Recently two papers were published in the RECORDER that dealt with a comparison of Megabin geometry with orthogonal geometry in the context of 5D interpolation (Duncan et al., 2014; Harger and Schweigert, 2014). What struck me is the use of coincident shots and receivers in the Megabin geometries and also in the orthogonal geometry discussed in Duncan et al. Perhaps not so surprising for the Megabin geometry as it is according to the original recipe given in Goodway and Ragan (1998). Cooper and Egden (1999) describe another comparison between Megabin and orthogonal geometry. In their paper shots and receivers of the Megabin geometry do not coincide.
The use of coincident shots and receivers surprises me because of the emphasis by many survey designers (as in Cooper and Egden, 1999) on unique fold: traces with absolute offsets differing less than a small amount are considered to be redundant. When coincident shots and receivers occur in a geometry, there are invariably traces (reciprocal traces) with exactly the same absolute offset and with opposite azimuth, which is the ultimate redundancy.
In an earlier note (Vermeer, 2013) I denounced the use of unique fold as a quality measure of an acquisition geometry, because traces with nearly the same absolute offset but with different azimuth tend to have their own requisite role and are valuable members of the total geometry. However, reciprocal traces are not valuable in general.
In this paper I focus on the effect of coincident shots and receivers on effective fold and on data quality. I do this in the context of what constitutes a good acquisition geometry; therefore I start with a brief description of such a geometry (much more detailed descriptions can be found in Vermeer, 2010 and 2012) followed by a brief discussion of the Megabin geometry. The second part of this paper then looks at the effect of coincident shots and receivers and looks as well at alternatives, both for Megabin geometry and orthogonal geometry.
Characteristics of a good acquisition geometry – 3D symmetric sampling
3D symmetric sampling is based on the reciprocity theorem, which leads directly to the consequence that shot and receiver sampling should be the same. Ideally, the same sampling interval should be used for all four horizontal shot (subscript s) and receiver (subscript r) coordinates, or Δx_{s} = Δx_{r} = Δy_{s} = Δy_{r}. If applied, the resulting geometry may be called full 3D. Another requirement is that sampling intervals should be small enough for alias-free sampling. We may aim for alias-free sampling of the whole wavefield, or for alias-free sampling of only the desired wavefield.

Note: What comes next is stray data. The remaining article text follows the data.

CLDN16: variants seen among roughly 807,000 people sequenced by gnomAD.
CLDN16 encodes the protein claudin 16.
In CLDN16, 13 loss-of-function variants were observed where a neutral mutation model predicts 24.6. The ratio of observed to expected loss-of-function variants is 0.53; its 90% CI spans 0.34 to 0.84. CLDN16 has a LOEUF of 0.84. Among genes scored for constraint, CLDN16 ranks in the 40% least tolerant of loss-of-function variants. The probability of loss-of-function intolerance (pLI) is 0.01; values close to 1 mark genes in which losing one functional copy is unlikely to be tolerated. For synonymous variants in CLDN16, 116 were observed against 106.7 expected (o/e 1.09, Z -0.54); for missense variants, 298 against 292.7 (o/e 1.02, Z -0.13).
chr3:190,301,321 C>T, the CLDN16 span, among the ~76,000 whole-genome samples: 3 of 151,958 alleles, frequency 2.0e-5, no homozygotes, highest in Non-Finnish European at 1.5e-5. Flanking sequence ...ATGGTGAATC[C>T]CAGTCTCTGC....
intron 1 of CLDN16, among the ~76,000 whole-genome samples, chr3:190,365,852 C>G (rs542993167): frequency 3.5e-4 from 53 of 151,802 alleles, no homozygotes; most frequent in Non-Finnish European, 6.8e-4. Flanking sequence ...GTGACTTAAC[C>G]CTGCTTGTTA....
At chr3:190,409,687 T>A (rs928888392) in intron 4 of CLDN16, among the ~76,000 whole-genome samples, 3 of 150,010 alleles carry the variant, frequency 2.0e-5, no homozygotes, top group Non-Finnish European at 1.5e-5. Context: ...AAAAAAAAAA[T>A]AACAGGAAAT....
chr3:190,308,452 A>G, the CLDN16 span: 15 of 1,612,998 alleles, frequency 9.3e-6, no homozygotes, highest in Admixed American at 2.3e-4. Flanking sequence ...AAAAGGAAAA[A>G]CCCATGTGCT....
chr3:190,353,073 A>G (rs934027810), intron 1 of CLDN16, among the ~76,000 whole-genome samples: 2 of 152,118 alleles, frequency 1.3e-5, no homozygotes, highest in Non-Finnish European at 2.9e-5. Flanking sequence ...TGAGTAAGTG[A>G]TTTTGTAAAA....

Normally, alias-free sampling of the desired wavefield, let alone the whole wavefield, is way too expensive. As a compromise two of the four spatial coordinates may be sampled alias-free leading to properly sampled 3D subsets of the 5D wavefield. In orthogonal geometry, the other two spatial coordinates are the line intervals of that geometry. The line intervals determine the sparsity of the geometry (Vermeer, 2010). Less sparsity, i.e., smaller line intervals, leads normally to better final data quality.
Apart from the four spatial coordinates, the designer has to select the maximum shot-receiver offset in x and in y, or the maximum inline and crossline offsets. These maximum offsets depend on maximum depth of interest and on processing requirements, such as AVO, azimuthal analysis, and full-waveform inversion. A completely symmetric geometry with equal maximum inline and crossline offsets and equal shot- and receiver-line intervals is ideal, but there may be practical and/or budgetary reasons to deviate from the ideal.
Parameter | Symbol | Regularity requirement |
---|---|---|
Table 1. Regular orthogonal geometry fully described by six parameters (adapted from Vermeer, 2012, Table 4.1) | ||
Receiver-station interval | Δr | |
Shot-station interval | Δs | |
Receiver-line interval | RLI | = n_{S} × Δ_{s} |
Shot-line interval | SLI | = n_{R} × Δ_{r} |
Receiver-spread length | L_{R} | = 2 X_{max,i} = 2 M_{i} × SLI |
L_{S} | = 2 X_{max,c} = 2 M_{c} × RLI |
The above requirements are not sufficient yet for a good acquisition geometry. Table 1 describes additional requirements, where n_{S} is number of shot locations between each consecutive pair of receiver lines, n_{R} is number of receiver locations between each consecutive pair of shot lines, M_{i} is inline fold, M_{c} is crossline fold, X_{max,i} is maximum inline offset, and X_{max,c} is maximum crossline offset. These requirements lead to a regular geometry in which total fold M is constant in the fullfold area of the geometry. Note that regular geometry requires centre-spread acquisition with an even number of active receivers in the receiver spread and those receivers must be listening to an even number of shots in the shot spread. Note also that spread length is defined as number of receivers times station interval (Vermeer, 2012, Appendix B).